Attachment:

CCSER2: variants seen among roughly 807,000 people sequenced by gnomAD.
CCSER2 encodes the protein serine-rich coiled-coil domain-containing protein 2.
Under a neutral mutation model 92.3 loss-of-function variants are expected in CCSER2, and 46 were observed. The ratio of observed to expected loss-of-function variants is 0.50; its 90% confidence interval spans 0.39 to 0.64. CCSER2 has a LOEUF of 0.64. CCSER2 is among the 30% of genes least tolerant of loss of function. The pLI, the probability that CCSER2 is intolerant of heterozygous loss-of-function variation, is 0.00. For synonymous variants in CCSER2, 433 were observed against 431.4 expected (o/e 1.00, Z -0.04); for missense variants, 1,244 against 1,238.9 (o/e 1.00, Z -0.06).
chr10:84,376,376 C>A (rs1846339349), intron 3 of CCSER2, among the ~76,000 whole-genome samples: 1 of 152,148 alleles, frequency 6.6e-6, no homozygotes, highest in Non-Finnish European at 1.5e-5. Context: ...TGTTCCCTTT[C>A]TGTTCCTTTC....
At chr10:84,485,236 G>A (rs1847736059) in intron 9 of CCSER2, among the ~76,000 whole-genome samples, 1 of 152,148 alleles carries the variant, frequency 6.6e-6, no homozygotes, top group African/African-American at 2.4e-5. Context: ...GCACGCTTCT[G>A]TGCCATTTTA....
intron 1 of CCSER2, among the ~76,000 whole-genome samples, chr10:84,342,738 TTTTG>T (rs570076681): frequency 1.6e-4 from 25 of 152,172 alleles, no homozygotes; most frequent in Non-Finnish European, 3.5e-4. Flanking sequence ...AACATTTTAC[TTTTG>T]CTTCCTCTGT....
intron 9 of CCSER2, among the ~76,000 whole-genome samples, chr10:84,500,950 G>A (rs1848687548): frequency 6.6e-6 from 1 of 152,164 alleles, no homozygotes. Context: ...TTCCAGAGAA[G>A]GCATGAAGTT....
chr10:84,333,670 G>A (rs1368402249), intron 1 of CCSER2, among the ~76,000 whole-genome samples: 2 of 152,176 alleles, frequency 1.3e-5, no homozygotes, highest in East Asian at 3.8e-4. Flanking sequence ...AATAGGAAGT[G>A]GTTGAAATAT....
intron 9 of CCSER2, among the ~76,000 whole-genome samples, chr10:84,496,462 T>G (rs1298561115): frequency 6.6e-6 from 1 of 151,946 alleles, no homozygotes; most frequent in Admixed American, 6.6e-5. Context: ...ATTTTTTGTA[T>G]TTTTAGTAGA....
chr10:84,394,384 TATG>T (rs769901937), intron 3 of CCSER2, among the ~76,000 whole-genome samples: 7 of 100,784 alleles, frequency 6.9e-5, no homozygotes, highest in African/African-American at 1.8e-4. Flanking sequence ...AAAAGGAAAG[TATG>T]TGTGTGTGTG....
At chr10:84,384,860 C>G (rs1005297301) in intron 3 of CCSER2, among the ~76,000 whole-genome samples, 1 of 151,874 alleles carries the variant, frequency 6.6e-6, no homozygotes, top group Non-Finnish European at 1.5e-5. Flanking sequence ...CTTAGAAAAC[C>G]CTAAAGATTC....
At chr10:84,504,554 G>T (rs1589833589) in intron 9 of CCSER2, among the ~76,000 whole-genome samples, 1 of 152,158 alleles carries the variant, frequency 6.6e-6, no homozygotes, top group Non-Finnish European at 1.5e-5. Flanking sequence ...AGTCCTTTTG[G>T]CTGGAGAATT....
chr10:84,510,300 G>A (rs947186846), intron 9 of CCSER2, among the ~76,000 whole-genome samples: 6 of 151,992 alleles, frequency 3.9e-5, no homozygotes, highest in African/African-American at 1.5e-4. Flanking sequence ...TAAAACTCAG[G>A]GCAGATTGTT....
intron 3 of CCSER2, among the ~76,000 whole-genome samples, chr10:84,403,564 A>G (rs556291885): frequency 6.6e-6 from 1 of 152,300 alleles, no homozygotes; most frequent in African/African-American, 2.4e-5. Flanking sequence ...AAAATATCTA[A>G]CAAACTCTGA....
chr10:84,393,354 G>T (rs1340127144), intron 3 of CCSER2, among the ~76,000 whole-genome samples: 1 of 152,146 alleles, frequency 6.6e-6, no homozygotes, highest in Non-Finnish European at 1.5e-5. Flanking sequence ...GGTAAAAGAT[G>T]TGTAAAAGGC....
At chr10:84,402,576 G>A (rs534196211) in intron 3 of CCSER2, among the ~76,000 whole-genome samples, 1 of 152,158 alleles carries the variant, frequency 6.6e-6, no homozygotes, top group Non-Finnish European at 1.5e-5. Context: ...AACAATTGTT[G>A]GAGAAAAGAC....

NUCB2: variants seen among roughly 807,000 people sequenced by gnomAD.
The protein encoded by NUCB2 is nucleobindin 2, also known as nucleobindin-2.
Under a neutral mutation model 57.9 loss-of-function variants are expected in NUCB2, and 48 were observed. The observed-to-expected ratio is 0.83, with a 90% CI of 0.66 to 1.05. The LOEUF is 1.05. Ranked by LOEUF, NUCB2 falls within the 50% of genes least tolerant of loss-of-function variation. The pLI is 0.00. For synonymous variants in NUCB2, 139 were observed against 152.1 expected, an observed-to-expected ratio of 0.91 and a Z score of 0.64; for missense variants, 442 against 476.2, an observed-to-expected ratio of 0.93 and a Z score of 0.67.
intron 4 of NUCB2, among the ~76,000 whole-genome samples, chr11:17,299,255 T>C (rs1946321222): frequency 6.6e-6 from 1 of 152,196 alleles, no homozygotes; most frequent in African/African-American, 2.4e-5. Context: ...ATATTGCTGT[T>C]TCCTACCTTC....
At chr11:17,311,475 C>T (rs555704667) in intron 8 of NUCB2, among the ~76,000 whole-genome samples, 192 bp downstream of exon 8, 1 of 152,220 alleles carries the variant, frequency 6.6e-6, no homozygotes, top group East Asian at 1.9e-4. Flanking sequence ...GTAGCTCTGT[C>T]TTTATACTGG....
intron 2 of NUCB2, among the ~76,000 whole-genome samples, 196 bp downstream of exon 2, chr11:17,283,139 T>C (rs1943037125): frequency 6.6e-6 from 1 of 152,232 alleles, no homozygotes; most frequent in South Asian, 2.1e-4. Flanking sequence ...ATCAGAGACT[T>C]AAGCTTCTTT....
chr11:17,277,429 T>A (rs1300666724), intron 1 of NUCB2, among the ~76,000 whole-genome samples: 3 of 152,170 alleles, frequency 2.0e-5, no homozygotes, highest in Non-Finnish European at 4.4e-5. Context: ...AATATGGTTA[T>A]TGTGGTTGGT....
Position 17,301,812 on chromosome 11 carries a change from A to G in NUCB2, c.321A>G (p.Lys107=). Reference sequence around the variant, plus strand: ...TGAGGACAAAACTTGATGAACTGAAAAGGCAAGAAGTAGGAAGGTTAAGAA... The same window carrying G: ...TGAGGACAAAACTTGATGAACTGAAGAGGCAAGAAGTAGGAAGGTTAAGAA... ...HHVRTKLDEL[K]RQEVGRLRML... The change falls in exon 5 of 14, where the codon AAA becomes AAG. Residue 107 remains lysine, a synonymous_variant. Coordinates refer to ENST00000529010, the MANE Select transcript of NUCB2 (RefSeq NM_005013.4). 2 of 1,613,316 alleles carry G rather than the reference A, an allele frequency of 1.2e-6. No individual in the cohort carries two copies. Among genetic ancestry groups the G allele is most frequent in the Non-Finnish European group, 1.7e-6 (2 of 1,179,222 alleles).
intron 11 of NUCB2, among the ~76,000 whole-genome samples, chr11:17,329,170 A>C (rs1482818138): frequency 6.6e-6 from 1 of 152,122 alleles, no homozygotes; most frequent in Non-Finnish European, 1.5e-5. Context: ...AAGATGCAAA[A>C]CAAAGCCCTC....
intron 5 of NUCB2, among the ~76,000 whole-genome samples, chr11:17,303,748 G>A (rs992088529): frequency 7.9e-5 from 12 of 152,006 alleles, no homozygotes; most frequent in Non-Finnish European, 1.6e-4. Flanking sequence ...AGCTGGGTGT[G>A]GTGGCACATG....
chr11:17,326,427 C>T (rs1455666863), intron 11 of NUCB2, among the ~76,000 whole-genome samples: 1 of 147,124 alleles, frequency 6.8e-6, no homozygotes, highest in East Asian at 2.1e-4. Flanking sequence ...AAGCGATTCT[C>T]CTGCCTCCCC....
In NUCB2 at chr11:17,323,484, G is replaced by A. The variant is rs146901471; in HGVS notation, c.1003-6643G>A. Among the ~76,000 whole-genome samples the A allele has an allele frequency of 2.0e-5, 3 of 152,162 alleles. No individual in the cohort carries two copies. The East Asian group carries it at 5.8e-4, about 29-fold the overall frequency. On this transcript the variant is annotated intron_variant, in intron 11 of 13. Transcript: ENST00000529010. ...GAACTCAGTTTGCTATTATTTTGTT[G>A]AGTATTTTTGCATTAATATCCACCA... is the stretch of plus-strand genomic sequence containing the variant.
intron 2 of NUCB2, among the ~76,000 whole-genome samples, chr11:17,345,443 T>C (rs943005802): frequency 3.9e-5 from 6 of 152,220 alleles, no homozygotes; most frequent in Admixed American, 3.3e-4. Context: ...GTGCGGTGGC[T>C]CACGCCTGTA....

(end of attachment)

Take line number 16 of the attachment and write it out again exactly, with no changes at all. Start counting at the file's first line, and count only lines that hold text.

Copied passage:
At chr10:84,402,576 G>A (rs534196211) in intron 3 of CCSER2, among the ~76,000 whole-genome samples, 1 of 152,158 alleles carries the variant, frequency 6.6e-6, no homozygotes, top group Non-Finnish European at 1.5e-5. Context: ...AACAATTGTT[G>A]GAGAAAAGAC....